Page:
- diphenhydramine hydrochloride
- pseudoephedrine hydrochloride
This information is intended for use by health professionals
Benylin Four Flu tablets
Each tablet contains:
Diphenhydramine hydrochloride 12.5 mgParacetamol 500 mgPseudoephedrine hydrochloride 22.5 mg
Sunset yellow E110
For a full list of excipients, see section 6.1.
Orange, oval, biconvex, film coated tablets
For the relief of symptoms associated with colds and flu; including relief of nasal congestion and congestion of mucous membranes of the upper respiratory tract, sneezing, runny nose, coughing, fever, headache, muscular aches and pains.
For oral use
Adults, the elderly and children aged 16 years and over:
Two tablets, up to four times daily, as required. Do not take more frequently than every four hours.
Children 10 to 15 years
One tablet, up to four times daily, as required. Do not take more frequently than every four hours. Not to be used for more than five days without the advice of a doctor. Parents or carers should seek medical attention if the child's condition deteriorates during treatment.
Children under 10 years
Benylin Four Flu Tablets are contraindicated in children under the age of 10 years (see section 4.3).
Do not exceed the stated dose.
Known hypersensitivity to diphenhydramine, paracetamol, pseudoephedrine or to any of the excipients.
Concomitant use of other sympathomimetic agents including those given by other routes, beta-blockers (see section 4.5) and monoamine oxidase inhibitors (MAOIs), or within 14 days of stopping MAOI treatment (see section 4.5)
Cardiovascular disease including hypertension
Closed angle glaucoma
Severe renal impairment
Not to be used in children under the age of 10 years.
As both diphenhydramine and pseudoephedrine have been associated with central nervous system adverse events (see section 4.8), there is a possibility that the risk of experiencing such adverse events may be increased by use of the combination.
If any of the following occur, Benylin Four Flu Tablets should be stopped
• Sleep disturbances
Use with caution in prostatic hypertrophy, urinary retention, susceptibility to angle-closure glaucoma, moderate renal impairment, hepatic disease or occlusive vascular disease.
The hazard of overdose is greater in those with non-cirrhotic alcoholic liver disease.
The product may cause drowsiness. This product should not be used to sedate a child.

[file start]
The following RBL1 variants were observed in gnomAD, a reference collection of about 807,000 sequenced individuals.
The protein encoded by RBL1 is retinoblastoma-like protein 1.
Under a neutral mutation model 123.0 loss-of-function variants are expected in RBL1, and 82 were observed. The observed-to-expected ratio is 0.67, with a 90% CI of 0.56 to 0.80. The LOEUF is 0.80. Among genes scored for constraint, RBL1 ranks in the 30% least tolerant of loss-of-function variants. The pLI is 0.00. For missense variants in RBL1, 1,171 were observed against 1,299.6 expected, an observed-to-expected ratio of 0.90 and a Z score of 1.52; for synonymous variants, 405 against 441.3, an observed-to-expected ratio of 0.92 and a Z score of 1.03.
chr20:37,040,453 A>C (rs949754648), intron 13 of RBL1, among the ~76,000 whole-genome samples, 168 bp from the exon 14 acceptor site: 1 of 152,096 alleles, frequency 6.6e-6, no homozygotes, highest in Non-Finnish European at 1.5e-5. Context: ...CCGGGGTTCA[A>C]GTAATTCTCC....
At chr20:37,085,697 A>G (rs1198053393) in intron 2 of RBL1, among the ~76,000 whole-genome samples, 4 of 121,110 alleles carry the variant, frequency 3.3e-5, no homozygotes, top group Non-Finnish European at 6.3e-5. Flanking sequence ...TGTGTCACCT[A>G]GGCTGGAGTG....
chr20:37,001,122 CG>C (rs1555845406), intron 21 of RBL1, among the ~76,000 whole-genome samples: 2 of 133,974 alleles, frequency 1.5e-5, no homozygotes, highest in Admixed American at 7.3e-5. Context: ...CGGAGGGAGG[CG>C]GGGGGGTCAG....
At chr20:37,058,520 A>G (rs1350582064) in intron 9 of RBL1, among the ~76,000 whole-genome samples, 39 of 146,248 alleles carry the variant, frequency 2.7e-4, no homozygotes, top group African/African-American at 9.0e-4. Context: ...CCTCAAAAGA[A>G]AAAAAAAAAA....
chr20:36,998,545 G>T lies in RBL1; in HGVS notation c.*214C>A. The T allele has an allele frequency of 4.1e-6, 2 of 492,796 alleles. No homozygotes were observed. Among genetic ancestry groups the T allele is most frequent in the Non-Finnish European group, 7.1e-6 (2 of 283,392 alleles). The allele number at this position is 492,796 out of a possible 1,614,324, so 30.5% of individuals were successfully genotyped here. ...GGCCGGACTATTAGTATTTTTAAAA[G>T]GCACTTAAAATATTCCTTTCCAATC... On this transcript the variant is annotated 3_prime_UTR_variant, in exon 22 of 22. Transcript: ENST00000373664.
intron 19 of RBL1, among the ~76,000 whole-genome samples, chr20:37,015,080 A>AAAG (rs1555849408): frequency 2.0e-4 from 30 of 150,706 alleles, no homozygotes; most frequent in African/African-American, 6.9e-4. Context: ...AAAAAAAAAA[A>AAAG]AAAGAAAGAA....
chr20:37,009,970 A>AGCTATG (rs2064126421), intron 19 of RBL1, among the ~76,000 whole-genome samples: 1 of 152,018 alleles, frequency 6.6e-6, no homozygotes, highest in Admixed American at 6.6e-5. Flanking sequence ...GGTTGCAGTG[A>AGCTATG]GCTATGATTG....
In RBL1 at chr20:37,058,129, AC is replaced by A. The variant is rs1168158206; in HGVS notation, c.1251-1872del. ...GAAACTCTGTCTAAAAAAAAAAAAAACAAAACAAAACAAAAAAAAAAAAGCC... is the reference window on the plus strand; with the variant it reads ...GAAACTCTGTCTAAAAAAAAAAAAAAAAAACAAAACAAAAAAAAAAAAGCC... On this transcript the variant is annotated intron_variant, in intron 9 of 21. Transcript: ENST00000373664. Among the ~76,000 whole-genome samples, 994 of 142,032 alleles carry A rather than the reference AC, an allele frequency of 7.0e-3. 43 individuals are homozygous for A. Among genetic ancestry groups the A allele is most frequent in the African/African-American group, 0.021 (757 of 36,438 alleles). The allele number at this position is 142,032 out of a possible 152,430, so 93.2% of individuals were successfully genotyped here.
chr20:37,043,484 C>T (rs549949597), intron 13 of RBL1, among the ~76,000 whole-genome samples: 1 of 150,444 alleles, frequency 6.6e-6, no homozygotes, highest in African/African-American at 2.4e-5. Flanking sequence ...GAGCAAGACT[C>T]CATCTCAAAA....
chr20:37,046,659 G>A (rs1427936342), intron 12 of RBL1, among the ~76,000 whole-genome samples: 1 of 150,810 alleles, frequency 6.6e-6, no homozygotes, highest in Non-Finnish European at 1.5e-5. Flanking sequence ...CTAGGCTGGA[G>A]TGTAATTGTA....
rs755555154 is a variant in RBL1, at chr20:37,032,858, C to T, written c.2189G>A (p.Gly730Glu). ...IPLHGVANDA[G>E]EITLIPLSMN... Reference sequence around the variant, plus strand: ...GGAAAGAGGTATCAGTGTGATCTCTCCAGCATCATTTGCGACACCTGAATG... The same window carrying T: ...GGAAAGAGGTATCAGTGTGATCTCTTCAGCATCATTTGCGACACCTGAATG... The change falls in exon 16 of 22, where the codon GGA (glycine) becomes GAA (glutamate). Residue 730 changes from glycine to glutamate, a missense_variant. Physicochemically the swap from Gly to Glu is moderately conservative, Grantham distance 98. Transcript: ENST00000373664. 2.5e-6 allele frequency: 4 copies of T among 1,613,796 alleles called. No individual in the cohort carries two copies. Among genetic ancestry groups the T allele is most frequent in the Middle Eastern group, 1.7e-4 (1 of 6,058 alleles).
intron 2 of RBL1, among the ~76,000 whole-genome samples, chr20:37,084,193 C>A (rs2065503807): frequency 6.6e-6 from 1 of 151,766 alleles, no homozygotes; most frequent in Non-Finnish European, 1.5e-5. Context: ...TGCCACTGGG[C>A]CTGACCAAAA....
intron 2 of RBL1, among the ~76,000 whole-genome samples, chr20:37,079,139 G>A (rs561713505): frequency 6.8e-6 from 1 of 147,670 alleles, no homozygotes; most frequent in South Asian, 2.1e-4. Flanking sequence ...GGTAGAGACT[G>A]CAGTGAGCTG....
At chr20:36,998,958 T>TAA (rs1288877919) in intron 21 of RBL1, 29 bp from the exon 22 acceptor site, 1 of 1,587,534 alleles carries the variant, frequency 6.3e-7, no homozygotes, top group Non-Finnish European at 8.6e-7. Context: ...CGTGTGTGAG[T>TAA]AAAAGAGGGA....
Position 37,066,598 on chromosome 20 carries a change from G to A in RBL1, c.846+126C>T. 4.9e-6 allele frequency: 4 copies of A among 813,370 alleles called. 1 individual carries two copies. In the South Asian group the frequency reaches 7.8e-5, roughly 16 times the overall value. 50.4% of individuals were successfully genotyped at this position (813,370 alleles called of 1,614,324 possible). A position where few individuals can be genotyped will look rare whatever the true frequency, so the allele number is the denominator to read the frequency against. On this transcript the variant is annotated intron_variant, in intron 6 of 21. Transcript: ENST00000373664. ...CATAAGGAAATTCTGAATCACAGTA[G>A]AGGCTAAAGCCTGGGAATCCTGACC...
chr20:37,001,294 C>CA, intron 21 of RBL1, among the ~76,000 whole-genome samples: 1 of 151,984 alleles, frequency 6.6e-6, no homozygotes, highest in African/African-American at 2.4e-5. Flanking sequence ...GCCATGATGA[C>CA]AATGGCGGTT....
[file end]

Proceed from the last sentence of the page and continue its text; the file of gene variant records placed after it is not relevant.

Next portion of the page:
The product labelling will contain the following advice:-
Immediate medical advice should be sought in the event of an overdose, even if you feel well, because of the risk of delayed, serious liver damage.
Do not take with any paracetamol-containing products.
If symptoms persist, consult your doctor or pharmacist.
Keep out of the reach and sight of children
Do not use to sedate a child.
Ask a doctor before use if you suffer from a chronic or persistent cough, if you have asthma, are suffering from an acute asthma attack or where cough is accompanied by excessive secretions.
CNS depressants: may enhance the sedative effects of CNS depressants including barbiturates, hypnotics, opioid analgesics, anxiolytic sedatives, antipsychotics and alcohol.
Antimuscarinic drugs: may have an additive muscarinic action with other drugs, such as atropine and some antidepressants.
• MAOIs (see section 4.3) and/or RIMAs: Not to be used in patients taking MAOIs or within 14 days of stopping treatment as there is a risk of serotonin syndrome (diphenhydramine) or hypertensive crisis (pseudoephedrine).
• Moclobemide: risk of hypertensive crisis.
• Antihypertensives (including adrenergic neurone blockers & beta-blockers – see section 4.3): Benylin Four Flu Tablets may block the hypotensive effects.
• Cardiac glycosides: increased risk of dysrhythmias
• Ergot alkaloids (ergotamine & methysergide): increased risk of ergotism
• Appetite suppressants and amphetamine-like psychostimulants: risk of hypertension
• Oxytocin – risk of hypertension
• Enhances effects of anticholinergic drugs (such as TCAs)
The speed of absorption of paracetamol may be increased by metoclopramide or domperidone, and absorption reduced by colestyramine.
The anticoagulant effect of warfarin and other coumarins may be enhanced by prolonged regular use of paracetamol with increased risk of bleeding; occasional doses have no significant effect.
The use of drugs which induce hepatic microsomal enzymes, such as anticonvulsants and oral contraceptive steroids, may increase the extent of metabolism of paracetamol, resulting in reduced plasma concentrations of the drug and a faster elimination rate.
The active ingredients in Benylin Four Flu have not been conclusively associated with adverse effects on the developing foetus; but as with all drugs, care should be exercised in use of the product, particularly during the first trimester.
Epidemiological studies in human pregnancy have shown no ill effects due to paracetamol used in the recommended dosage, but patients should follow the advice of their doctor regarding its use
All of the actives are excreted into breast milk, although few adverse effects have been reported as a result of ingestion, cautious use of Benylin Four Flu is advised during lactation.
Paracetamol is excreted in breast milk but not in a clinically significant amount. Available published data do not contraindicate breast feeding.
Benylin Four Flu may cause drowsiness. If patients are affected they should not drive or use machinery.
System Organ Class
Blood and the lymphatic system disorders
Blood disorders; blood dyscrasias such as thrombocytopenia and agranulocytosis have been reported following paracetamol use, but were not necessarily causally related to the drug
Immune system disorders
Hypersensitivity reactions, including skin rash and cross-sensitivity with other sympathomimetics
Confusion; depression; sleep disturbances; irritability; anxiety; restlessness; excitability; insomnia; hallucinations and paranoid delusions
Nervous system disorders
Drowsiness (usually diminishes within a few days); paradoxical stimulation; headache; psychomotor impairment; extrapyramidal effects; dizziness; tremor; convulsions